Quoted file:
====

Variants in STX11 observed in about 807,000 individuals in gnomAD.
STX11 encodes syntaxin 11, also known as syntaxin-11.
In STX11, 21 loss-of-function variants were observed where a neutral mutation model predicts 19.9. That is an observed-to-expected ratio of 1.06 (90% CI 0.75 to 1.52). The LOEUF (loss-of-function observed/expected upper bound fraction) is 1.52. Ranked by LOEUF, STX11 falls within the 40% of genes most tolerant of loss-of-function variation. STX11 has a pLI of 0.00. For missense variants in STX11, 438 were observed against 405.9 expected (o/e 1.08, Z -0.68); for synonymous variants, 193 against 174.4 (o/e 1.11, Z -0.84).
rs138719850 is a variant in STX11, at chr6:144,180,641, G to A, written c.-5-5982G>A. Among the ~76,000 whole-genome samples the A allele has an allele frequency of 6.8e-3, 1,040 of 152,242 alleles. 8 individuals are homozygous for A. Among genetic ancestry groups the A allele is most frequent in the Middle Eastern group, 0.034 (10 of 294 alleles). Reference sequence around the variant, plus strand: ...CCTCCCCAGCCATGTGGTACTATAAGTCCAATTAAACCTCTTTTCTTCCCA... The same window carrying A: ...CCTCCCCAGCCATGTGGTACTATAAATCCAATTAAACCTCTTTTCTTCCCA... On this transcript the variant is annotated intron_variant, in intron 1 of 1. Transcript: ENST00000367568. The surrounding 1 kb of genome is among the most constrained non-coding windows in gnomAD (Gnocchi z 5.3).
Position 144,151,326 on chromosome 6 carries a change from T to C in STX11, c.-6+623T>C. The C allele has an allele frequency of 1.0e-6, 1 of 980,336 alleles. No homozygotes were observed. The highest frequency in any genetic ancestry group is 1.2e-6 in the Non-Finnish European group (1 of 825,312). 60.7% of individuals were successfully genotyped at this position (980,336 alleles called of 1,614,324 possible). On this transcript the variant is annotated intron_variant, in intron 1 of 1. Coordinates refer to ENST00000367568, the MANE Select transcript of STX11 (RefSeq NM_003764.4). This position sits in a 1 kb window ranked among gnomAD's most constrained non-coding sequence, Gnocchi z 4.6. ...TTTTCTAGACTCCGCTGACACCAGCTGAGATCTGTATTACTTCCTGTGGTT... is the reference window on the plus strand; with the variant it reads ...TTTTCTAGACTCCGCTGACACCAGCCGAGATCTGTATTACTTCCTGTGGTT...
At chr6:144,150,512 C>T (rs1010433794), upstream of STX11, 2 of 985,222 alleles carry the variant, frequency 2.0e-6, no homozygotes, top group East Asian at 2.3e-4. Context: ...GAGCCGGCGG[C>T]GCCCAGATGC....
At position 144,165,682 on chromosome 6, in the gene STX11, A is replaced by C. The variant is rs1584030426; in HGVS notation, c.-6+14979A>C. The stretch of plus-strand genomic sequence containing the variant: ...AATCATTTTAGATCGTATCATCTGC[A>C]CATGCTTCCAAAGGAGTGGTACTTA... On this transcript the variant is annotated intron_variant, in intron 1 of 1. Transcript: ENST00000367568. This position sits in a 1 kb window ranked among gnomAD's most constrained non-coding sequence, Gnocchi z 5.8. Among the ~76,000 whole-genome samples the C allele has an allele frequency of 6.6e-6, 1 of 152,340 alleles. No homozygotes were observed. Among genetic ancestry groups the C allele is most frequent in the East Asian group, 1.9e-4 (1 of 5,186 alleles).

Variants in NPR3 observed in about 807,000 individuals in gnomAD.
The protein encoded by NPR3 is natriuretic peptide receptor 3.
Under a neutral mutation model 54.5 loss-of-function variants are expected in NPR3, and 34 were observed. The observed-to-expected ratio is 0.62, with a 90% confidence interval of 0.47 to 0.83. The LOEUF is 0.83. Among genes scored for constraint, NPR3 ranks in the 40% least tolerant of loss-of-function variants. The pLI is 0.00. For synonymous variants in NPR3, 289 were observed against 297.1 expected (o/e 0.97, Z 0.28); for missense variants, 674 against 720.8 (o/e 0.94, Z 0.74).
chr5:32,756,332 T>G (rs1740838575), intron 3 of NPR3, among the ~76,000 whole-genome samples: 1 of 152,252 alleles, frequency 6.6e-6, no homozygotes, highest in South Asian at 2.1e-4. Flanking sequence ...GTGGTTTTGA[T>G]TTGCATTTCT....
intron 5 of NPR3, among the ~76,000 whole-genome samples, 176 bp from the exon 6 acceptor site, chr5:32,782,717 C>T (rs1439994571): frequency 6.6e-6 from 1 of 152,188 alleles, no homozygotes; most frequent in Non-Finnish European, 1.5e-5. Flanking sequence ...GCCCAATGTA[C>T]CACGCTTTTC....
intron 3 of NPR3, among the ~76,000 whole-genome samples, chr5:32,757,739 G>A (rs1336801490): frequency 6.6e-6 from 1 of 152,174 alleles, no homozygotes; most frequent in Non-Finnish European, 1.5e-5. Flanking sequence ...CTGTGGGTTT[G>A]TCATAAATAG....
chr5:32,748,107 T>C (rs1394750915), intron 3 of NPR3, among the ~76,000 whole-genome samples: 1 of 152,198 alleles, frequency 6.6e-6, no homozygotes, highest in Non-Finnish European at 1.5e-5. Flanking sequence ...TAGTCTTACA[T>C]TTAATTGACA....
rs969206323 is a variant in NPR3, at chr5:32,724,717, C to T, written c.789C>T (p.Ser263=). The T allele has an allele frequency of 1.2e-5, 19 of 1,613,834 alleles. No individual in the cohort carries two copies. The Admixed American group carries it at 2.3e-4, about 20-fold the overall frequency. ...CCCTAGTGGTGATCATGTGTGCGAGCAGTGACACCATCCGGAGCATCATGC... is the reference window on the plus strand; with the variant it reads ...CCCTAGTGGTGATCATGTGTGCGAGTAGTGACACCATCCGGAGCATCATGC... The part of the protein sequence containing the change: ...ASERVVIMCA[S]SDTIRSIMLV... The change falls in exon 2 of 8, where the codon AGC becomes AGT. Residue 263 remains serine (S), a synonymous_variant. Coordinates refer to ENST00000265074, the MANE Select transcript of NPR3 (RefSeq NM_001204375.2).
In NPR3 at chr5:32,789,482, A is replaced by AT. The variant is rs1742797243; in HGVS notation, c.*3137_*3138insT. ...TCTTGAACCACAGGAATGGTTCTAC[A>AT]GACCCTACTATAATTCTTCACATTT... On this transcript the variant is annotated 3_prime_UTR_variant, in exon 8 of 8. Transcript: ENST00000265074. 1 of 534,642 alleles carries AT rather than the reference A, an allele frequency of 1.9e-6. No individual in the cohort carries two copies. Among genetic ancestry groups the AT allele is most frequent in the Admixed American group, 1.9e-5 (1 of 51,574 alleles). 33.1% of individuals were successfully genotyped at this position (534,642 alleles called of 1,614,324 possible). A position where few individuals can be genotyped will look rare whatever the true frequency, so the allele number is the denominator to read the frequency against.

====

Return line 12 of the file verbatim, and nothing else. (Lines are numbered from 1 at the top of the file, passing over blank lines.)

intron 5 of NPR3, among the ~76,000 whole-genome samples, 176 bp from the exon 6 acceptor site, chr5:32,782,717 C>T (rs1439994571): frequency 6.6e-6 from 1 of 152,188 alleles, no homozygotes; most frequent in Non-Finnish European, 1.5e-5. Flanking sequence ...GCCCAATGTA[C>T]CACGCTTTTC....